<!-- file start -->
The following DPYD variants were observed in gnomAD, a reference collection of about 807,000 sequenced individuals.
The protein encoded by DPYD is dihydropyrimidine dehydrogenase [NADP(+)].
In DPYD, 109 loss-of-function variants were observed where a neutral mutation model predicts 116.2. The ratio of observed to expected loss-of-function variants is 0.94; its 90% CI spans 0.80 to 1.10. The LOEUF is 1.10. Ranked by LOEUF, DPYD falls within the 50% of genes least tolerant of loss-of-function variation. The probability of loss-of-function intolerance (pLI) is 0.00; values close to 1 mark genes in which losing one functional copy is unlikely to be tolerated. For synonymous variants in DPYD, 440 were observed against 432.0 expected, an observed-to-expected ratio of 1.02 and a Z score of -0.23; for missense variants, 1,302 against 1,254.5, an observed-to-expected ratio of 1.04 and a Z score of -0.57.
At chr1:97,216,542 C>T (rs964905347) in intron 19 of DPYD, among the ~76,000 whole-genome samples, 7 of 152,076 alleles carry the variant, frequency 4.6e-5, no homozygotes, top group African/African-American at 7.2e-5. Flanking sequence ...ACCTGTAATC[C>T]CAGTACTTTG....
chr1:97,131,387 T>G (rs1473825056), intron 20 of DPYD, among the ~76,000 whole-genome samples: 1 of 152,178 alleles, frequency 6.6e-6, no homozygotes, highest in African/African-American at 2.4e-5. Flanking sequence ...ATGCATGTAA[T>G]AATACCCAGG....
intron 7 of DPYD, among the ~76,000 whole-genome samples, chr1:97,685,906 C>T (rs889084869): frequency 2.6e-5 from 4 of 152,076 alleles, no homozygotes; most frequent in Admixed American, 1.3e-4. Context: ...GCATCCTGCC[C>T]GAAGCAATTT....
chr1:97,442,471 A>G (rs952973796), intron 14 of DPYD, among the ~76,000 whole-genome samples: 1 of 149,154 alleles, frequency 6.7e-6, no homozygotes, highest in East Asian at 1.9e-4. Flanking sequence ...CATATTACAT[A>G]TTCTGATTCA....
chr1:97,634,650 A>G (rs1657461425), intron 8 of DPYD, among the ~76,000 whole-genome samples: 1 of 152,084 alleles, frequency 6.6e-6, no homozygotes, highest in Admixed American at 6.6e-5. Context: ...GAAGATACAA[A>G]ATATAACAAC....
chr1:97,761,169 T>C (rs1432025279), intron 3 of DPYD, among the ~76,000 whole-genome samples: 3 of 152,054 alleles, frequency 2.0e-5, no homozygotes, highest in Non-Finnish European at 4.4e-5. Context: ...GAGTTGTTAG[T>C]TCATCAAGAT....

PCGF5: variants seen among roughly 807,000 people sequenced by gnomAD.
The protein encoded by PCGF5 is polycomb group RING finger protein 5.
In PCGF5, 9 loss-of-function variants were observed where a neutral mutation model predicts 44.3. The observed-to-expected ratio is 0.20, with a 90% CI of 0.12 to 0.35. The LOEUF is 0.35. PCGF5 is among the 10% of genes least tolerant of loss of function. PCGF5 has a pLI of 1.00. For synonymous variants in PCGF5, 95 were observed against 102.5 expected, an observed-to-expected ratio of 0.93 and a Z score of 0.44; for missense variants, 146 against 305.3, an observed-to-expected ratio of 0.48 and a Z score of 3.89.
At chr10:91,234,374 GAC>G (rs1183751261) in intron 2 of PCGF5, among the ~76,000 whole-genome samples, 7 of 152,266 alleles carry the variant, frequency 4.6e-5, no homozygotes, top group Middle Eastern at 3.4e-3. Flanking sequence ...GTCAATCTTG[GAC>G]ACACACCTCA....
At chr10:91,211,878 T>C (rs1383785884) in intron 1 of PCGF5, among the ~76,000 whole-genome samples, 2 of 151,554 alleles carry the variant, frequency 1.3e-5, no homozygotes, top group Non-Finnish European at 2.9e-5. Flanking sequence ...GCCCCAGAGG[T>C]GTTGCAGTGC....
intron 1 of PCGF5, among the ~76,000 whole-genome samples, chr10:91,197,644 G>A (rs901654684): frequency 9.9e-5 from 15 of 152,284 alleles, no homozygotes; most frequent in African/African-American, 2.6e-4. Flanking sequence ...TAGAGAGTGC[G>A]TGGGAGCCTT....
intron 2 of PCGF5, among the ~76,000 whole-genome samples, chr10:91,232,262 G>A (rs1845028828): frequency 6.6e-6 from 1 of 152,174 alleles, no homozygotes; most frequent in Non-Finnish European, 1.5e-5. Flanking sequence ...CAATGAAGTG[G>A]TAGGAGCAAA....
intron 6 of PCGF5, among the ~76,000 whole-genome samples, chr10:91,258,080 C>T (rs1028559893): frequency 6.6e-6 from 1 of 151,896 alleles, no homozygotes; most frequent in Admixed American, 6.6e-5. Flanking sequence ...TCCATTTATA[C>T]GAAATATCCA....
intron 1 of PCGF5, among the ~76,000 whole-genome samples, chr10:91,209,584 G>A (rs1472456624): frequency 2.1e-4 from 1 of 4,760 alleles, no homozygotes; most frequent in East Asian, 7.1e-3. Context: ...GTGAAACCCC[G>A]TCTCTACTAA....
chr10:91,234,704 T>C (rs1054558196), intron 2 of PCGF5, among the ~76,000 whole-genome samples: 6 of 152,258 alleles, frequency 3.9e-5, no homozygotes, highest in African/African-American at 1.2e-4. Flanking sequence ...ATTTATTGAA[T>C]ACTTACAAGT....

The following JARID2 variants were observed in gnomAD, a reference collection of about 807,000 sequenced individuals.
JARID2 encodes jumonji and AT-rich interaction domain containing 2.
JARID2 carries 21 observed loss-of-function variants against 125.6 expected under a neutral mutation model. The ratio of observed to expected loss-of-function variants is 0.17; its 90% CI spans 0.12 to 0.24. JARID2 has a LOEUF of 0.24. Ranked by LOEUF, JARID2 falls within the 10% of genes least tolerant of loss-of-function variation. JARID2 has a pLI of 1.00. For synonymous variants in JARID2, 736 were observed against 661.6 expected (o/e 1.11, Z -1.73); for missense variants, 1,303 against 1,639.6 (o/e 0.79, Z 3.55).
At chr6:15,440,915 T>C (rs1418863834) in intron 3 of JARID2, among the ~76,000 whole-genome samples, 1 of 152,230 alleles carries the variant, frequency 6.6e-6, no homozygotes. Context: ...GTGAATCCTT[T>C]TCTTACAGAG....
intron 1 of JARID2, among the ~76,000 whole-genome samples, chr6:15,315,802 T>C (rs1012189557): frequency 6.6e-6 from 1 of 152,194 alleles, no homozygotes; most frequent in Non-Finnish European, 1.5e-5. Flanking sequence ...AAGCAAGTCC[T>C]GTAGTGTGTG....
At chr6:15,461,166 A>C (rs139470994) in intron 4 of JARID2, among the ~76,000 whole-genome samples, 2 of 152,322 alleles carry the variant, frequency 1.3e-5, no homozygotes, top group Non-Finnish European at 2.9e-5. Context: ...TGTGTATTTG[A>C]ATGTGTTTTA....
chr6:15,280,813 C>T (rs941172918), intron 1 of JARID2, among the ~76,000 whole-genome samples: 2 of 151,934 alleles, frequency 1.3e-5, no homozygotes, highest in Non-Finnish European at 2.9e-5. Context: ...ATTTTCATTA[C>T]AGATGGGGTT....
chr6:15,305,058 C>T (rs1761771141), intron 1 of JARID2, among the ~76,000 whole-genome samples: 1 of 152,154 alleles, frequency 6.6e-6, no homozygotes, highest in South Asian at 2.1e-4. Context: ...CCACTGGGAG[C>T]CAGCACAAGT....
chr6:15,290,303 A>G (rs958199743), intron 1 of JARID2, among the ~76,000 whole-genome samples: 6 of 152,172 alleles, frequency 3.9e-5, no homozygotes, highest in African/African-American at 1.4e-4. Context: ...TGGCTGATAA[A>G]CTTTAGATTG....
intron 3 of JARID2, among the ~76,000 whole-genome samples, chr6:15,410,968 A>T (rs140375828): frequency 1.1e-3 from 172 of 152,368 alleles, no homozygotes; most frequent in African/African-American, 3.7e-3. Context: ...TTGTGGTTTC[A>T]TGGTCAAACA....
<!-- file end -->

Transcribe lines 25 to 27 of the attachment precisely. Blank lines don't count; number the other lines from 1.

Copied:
At chr6:15,461,166 A>C (rs139470994) in intron 4 of JARID2, among the ~76,000 whole-genome samples, 2 of 152,322 alleles carry the variant, frequency 1.3e-5, no homozygotes, top group Non-Finnish European at 2.9e-5. Context: ...TGTGTATTTG[A>C]ATGTGTTTTA....
chr6:15,280,813 C>T (rs941172918), intron 1 of JARID2, among the ~76,000 whole-genome samples: 2 of 151,934 alleles, frequency 1.3e-5, no homozygotes, highest in Non-Finnish European at 2.9e-5. Context: ...ATTTTCATTA[C>T]AGATGGGGTT....
chr6:15,305,058 C>T (rs1761771141), intron 1 of JARID2, among the ~76,000 whole-genome samples: 1 of 152,154 alleles, frequency 6.6e-6, no homozygotes, highest in South Asian at 2.1e-4. Context: ...CCACTGGGAG[C>T]CAGCACAAGT....